One of the things that was important to me when I wrote the Emma Fielding mysteries was that I be as true as possible in describing the work of archaeologists. So many books and films (not just mysteries) use archaeology as an excuse to incorporate an exotic setting, obsessive characters, or a link with the fantastic: I bet you can name three movies right now where archaeologists “unleashed forces best left undisturbed.” Some notable exceptions to this include work by fellow archaeologists-turned-novelists Aaron Elkins and Elizabeth Peters.
I think it’s the same in filmmaking, where the popular perception is shaped by notions of glamour and fame, but from what I saw when I visited the set of “Site Unseen,” there were many more similarities to archaeology than I expected. I saw this in the minute attention to detail, the inventories of props and equipment, the planning that includes every shot the director wants plus contingency plans in case of bad weather, the individual tool kits of each crewmember, the discussions about the script, and a thousand other things (including feeding and moving a huge number of people).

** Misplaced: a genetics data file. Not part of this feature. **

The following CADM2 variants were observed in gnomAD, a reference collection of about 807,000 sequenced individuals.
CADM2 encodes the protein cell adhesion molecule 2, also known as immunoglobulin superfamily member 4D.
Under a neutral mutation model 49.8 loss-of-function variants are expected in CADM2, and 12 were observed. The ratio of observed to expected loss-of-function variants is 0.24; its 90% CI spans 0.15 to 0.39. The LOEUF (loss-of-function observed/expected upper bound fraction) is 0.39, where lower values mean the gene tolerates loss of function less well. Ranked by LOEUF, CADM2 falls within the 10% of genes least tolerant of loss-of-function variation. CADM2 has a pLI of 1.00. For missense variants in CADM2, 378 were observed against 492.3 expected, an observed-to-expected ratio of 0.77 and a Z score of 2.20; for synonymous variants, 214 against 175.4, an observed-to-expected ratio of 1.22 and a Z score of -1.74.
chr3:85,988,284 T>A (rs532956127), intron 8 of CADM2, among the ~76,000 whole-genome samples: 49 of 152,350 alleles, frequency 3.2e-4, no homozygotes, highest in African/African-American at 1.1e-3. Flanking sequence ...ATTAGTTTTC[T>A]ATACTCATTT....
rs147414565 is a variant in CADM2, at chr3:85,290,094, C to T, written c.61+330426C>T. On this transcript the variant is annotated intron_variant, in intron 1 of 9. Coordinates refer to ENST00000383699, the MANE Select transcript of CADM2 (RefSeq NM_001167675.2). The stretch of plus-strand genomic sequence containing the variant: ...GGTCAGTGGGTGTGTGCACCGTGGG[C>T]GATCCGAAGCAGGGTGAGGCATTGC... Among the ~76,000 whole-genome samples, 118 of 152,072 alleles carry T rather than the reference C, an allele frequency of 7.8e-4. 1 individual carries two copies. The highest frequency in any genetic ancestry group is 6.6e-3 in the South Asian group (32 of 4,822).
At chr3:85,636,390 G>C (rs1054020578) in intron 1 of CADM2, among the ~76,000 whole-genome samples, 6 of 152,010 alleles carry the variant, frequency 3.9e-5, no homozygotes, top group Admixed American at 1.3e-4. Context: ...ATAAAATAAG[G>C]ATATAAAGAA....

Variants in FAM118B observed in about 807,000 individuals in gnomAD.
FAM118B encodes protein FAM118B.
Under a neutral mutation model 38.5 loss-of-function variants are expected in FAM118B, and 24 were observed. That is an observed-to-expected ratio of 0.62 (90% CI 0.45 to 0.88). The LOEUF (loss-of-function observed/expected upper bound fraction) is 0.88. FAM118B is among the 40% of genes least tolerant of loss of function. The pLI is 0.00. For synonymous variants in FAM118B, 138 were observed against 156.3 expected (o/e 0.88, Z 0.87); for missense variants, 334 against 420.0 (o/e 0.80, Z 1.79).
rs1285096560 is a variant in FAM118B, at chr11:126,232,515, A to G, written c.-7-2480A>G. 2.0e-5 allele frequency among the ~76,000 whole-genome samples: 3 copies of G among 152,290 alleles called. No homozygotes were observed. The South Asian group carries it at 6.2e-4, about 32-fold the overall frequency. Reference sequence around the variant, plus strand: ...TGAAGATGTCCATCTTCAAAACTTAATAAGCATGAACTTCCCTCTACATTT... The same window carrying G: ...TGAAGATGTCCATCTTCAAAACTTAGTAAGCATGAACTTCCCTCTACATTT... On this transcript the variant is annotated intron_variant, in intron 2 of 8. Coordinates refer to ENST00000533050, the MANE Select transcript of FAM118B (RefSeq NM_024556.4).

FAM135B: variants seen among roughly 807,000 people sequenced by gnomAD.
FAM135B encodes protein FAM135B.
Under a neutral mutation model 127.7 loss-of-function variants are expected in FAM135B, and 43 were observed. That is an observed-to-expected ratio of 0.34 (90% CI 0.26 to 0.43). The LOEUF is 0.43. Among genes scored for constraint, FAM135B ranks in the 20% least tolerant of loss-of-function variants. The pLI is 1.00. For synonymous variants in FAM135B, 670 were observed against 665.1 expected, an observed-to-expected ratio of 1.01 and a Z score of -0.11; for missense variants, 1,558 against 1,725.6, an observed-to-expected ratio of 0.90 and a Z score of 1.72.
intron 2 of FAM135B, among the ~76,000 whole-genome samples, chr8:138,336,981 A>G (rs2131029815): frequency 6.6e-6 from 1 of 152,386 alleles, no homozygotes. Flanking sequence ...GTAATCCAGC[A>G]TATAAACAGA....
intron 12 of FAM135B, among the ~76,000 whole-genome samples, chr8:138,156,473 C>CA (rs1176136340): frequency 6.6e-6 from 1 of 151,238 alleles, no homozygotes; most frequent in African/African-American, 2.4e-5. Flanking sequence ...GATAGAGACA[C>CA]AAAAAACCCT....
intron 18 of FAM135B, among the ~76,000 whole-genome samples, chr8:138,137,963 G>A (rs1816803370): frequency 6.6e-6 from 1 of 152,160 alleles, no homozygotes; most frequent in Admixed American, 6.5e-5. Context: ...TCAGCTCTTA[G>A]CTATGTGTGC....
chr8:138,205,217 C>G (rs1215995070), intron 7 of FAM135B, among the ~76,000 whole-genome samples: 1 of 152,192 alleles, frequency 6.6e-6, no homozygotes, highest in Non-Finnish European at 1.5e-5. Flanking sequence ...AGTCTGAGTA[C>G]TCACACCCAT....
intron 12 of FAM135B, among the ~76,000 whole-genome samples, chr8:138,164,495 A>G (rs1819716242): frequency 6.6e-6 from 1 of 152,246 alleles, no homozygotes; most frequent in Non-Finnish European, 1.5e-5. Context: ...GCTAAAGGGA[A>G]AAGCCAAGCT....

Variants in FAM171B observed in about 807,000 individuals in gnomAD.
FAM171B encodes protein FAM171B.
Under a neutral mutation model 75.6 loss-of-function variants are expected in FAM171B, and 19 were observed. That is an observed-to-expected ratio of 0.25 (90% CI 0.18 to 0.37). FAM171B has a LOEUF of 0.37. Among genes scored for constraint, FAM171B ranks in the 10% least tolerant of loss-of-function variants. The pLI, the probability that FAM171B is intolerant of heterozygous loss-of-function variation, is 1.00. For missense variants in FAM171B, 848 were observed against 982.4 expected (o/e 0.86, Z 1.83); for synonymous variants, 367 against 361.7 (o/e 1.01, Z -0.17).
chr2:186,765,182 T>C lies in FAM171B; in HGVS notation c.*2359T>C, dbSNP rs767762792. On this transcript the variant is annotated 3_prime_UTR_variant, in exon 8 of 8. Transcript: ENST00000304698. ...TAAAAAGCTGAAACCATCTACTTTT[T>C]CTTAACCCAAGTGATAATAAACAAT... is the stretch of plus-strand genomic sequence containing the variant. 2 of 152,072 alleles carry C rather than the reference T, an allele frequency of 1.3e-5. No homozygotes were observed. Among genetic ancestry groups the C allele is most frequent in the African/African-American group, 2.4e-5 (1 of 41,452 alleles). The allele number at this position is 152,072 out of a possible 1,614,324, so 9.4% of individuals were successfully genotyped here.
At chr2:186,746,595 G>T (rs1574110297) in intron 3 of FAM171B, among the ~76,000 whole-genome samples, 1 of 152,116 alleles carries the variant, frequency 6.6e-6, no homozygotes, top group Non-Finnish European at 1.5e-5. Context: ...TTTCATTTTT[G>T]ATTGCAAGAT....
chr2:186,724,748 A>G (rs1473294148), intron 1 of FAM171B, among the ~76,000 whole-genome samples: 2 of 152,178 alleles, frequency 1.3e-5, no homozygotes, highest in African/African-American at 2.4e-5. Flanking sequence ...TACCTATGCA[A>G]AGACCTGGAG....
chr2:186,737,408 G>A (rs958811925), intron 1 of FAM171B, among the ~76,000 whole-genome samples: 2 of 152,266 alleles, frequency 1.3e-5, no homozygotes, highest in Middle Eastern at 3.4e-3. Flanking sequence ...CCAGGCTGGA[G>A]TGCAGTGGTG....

Each scene took a tremendous amount of time to shoot, but it was fascinating and I loved every minute of being on the set. Frankly, if I’d stayed any longer, I would have wanted to start shadowing the crew, to learn their jobs. Here are a few shots from my trip out to the set in Victoria, B.C.